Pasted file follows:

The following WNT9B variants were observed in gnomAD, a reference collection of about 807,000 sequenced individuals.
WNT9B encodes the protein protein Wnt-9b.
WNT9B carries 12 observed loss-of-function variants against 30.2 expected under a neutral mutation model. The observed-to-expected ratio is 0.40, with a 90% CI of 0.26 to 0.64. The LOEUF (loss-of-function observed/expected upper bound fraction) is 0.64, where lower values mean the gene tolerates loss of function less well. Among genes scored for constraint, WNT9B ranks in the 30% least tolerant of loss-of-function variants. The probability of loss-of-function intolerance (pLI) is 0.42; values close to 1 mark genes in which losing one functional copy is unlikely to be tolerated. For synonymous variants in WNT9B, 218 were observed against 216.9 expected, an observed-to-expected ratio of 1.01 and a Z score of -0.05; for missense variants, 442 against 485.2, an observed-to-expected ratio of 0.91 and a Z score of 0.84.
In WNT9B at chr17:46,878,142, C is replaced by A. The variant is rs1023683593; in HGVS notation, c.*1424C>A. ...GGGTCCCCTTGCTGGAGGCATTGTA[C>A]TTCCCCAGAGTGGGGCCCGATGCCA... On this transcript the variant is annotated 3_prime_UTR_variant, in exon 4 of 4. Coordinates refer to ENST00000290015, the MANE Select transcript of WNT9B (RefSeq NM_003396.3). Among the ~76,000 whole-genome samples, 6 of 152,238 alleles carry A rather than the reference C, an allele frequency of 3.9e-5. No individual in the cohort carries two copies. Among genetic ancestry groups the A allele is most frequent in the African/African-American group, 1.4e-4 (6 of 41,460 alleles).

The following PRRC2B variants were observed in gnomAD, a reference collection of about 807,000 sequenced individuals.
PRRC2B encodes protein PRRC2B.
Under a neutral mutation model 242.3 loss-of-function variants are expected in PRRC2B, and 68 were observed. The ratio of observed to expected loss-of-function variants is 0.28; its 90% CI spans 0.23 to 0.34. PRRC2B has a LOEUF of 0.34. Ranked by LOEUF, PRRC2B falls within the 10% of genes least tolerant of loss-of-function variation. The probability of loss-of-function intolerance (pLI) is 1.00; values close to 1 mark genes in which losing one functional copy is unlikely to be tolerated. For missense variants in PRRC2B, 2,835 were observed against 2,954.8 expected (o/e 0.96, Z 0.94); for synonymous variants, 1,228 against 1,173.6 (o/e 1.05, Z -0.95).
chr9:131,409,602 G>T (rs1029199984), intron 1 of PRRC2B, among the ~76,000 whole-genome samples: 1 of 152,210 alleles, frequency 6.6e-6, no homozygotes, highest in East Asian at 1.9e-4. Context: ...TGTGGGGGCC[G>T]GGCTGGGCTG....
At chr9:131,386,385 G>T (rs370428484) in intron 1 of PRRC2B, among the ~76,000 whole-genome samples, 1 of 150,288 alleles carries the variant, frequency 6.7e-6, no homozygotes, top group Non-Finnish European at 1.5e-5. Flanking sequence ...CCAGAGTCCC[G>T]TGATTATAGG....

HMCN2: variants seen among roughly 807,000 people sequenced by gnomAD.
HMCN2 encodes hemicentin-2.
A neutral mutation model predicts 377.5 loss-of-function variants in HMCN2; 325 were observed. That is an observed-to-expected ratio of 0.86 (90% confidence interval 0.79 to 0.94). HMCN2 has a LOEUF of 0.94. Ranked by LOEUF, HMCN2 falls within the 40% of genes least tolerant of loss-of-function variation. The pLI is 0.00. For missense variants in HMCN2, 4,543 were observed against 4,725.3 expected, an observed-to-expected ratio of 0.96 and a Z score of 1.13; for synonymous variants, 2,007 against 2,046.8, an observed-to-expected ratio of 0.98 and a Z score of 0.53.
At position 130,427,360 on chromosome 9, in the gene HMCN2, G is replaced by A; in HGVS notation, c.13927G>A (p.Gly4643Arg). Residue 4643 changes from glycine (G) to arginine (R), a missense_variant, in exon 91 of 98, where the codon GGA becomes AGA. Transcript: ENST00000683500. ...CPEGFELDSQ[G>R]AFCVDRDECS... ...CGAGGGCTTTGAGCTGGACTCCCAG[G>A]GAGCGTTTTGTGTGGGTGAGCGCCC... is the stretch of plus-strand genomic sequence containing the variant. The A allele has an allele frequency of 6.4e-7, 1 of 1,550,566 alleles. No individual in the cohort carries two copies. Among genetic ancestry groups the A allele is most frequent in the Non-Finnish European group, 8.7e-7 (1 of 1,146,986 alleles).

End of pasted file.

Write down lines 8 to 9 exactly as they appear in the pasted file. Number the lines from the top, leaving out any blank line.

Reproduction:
chr9:131,409,602 G>T (rs1029199984), intron 1 of PRRC2B, among the ~76,000 whole-genome samples: 1 of 152,210 alleles, frequency 6.6e-6, no homozygotes, highest in East Asian at 1.9e-4. Context: ...TGTGGGGGCC[G>T]GGCTGGGCTG....
At chr9:131,386,385 G>T (rs370428484) in intron 1 of PRRC2B, among the ~76,000 whole-genome samples, 1 of 150,288 alleles carries the variant, frequency 6.7e-6, no homozygotes, top group Non-Finnish European at 1.5e-5. Flanking sequence ...CCAGAGTCCC[G>T]TGATTATAGG....